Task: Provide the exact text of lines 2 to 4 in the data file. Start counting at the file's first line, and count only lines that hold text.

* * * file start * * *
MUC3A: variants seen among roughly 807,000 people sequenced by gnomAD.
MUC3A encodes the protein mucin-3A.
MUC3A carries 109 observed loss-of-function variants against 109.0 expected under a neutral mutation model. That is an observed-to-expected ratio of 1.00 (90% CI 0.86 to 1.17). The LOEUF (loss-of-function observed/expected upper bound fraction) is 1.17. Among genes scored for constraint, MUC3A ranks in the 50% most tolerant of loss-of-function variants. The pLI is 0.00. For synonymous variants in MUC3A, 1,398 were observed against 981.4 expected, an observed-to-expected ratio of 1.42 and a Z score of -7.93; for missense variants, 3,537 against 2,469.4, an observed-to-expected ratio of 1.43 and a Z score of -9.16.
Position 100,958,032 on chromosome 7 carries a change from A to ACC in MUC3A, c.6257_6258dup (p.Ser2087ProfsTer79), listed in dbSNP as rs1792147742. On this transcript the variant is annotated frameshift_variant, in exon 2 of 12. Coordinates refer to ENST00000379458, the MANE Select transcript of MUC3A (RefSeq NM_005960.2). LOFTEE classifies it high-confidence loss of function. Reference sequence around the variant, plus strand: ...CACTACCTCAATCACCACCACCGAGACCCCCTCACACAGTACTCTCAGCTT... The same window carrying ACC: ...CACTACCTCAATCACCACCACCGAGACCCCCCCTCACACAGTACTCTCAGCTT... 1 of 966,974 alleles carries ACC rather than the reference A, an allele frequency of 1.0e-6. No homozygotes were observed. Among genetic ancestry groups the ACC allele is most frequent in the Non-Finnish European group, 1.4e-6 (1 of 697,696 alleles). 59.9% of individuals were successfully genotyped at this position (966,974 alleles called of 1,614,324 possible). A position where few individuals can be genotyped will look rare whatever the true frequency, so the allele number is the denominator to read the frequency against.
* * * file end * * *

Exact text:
MUC3A encodes the protein mucin-3A.
MUC3A carries 109 observed loss-of-function variants against 109.0 expected under a neutral mutation model. That is an observed-to-expected ratio of 1.00 (90% CI 0.86 to 1.17). The LOEUF (loss-of-function observed/expected upper bound fraction) is 1.17. Among genes scored for constraint, MUC3A ranks in the 50% most tolerant of loss-of-function variants. The pLI is 0.00. For synonymous variants in MUC3A, 1,398 were observed against 981.4 expected, an observed-to-expected ratio of 1.42 and a Z score of -7.93; for missense variants, 3,537 against 2,469.4, an observed-to-expected ratio of 1.43 and a Z score of -9.16.
Position 100,958,032 on chromosome 7 carries a change from A to ACC in MUC3A, c.6257_6258dup (p.Ser2087ProfsTer79), listed in dbSNP as rs1792147742. On this transcript the variant is annotated frameshift_variant, in exon 2 of 12. Coordinates refer to ENST00000379458, the MANE Select transcript of MUC3A (RefSeq NM_005960.2). LOFTEE classifies it high-confidence loss of function. Reference sequence around the variant, plus strand: ...CACTACCTCAATCACCACCACCGAGACCCCCTCACACAGTACTCTCAGCTT... The same window carrying ACC: ...CACTACCTCAATCACCACCACCGAGACCCCCCCTCACACAGTACTCTCAGCTT... 1 of 966,974 alleles carries ACC rather than the reference A, an allele frequency of 1.0e-6. No homozygotes were observed. Among genetic ancestry groups the ACC allele is most frequent in the Non-Finnish European group, 1.4e-6 (1 of 697,696 alleles). 59.9% of individuals were successfully genotyped at this position (966,974 alleles called of 1,614,324 possible). A position where few individuals can be genotyped will look rare whatever the true frequency, so the allele number is the denominator to read the frequency against.